Amitraz is destroyed as the treatment goes along.

Nevertheless, it is important to remove the strips at the end of the treatment to avoid the continuous liberation of amitraz at very low dosage, too weak to be effective but probably high enough to select resistances. Forgetting the strips in the beehive for all of the wintering period could probably be responsible for the hypothetic emergence of resistance.
 

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Thanks Larry for the local info! I definitely appreciate it. It's been a good year, lots of rain, clover blooming nearly all Summer!

When I first started, my bee supplier who has his yard literally a few miles from my farm suggested Apivar mid summer after harvest and then Formic Pro after Fall harvest. I didn't question him. .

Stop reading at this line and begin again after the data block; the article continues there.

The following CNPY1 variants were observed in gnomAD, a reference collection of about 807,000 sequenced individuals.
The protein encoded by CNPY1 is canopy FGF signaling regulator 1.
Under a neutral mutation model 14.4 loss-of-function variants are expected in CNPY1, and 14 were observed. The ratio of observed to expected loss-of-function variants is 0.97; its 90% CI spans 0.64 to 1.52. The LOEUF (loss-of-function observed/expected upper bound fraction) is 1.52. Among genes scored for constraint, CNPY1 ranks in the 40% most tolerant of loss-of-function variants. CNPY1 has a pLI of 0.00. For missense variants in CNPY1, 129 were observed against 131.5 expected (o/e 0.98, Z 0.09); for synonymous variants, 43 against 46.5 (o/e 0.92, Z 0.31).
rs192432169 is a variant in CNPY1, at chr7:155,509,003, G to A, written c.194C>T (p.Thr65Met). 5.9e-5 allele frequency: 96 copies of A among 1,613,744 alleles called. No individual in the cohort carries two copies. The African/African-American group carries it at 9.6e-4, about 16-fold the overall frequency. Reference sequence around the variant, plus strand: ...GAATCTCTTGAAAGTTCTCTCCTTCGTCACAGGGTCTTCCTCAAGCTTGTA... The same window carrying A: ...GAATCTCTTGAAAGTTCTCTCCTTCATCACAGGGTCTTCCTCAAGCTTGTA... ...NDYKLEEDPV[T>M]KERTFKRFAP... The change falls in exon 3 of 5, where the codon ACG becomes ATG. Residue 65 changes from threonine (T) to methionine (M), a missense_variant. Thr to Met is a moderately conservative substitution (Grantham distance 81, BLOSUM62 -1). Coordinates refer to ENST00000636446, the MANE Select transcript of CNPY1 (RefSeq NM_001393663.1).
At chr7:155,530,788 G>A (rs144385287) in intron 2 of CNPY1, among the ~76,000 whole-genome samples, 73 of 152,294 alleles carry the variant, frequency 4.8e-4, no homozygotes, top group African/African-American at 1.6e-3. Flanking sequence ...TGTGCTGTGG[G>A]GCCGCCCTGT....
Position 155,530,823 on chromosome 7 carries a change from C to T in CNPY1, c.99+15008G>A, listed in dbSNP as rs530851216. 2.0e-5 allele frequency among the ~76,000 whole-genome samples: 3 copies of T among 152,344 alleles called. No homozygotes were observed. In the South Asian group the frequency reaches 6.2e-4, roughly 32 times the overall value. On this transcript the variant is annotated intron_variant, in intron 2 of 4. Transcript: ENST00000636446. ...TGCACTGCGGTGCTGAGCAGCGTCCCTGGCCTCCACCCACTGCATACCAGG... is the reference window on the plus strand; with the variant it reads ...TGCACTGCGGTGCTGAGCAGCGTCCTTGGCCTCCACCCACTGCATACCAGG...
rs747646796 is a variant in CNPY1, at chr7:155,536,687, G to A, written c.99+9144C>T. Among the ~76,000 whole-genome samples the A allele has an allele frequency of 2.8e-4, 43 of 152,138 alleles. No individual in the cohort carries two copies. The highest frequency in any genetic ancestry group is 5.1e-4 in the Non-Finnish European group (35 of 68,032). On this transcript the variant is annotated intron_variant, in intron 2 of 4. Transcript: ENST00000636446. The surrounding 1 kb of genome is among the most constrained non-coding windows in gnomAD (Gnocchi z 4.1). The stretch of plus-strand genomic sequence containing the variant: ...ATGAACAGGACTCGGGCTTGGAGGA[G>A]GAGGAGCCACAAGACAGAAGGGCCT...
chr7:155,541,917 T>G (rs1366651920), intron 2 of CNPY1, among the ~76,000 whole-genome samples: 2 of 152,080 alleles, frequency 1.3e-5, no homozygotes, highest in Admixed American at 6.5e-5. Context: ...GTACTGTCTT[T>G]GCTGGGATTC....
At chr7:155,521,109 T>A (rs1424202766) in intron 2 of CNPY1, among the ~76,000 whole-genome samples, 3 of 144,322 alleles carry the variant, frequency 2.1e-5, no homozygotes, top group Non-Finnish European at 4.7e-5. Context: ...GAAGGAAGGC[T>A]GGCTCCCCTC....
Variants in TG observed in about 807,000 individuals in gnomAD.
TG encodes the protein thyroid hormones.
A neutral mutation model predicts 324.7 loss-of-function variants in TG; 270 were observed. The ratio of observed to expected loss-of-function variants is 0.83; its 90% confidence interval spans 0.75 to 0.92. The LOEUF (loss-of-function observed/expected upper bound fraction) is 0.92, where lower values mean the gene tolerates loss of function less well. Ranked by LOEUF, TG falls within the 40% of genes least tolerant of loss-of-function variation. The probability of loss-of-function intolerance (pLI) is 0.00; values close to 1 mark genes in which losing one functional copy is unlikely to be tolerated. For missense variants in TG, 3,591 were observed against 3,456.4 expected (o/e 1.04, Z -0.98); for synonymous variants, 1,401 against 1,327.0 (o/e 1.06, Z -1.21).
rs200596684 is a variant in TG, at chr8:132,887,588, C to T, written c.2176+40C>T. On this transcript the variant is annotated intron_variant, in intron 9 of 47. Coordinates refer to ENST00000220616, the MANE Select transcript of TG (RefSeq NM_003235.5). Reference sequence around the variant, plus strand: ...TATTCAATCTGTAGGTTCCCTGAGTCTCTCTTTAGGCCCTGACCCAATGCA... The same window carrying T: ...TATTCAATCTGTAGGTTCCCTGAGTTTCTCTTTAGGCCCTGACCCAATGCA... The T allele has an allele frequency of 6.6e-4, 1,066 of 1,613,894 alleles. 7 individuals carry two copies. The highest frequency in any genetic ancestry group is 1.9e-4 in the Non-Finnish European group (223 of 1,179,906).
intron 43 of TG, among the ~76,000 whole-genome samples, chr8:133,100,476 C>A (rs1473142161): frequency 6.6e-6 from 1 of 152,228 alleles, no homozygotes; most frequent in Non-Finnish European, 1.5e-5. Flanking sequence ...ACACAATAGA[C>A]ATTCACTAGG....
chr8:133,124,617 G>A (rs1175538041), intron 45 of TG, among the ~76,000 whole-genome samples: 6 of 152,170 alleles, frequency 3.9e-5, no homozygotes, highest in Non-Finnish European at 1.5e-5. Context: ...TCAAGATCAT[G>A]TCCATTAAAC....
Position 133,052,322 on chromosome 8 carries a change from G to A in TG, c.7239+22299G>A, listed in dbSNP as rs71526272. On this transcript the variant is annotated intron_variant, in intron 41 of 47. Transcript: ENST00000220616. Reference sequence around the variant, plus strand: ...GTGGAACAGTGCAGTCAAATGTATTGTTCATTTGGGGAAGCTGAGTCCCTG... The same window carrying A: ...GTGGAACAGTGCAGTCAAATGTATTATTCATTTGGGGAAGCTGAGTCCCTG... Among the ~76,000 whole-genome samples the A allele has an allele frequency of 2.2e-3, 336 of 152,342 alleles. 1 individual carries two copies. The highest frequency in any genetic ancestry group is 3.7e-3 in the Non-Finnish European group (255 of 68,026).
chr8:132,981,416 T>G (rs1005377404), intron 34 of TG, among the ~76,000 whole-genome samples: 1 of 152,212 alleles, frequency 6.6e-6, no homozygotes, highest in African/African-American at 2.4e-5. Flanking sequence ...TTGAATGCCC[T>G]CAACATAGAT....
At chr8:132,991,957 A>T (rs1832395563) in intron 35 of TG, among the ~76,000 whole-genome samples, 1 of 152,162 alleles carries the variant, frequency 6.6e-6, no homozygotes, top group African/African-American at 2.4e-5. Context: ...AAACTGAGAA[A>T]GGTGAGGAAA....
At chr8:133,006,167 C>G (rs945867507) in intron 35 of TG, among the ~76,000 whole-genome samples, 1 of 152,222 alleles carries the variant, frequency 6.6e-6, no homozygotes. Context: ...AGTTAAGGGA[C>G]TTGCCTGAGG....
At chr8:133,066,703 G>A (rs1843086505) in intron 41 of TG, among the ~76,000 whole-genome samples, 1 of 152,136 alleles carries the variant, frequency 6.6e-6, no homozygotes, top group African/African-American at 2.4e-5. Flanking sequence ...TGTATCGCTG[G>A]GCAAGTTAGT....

Just the opposite, formic pro first and apivar after fall harvest would, IMO be a better way to do it.
 

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8 - PETTIS J (2013). Amitraz residue transfer into honey from Apis mellifera hives treated with Apivar®, USDA-ARS, Beltsville, MD USA – 2013. This is a footnote from the APVAR instructions.

QUOTE=ifixoldhouses;1833793]6. Is there any risk of accumulation of residues due to the duration of the treatment?
Apivar is the result of a unique technology allowing the continuous liberation of a little dose of the amitraz for a long duration. To cover many varroa mite life cycles, it is important to leave the strips unmoved for several weeks. This long-acting treatment does not lead to an accumulation of residues. Amitraz is very sensitive to hydrolysis which means that it is very quickly destroyed after liberation. Many studies have shown that there is no more residue after 24h in wax and honey.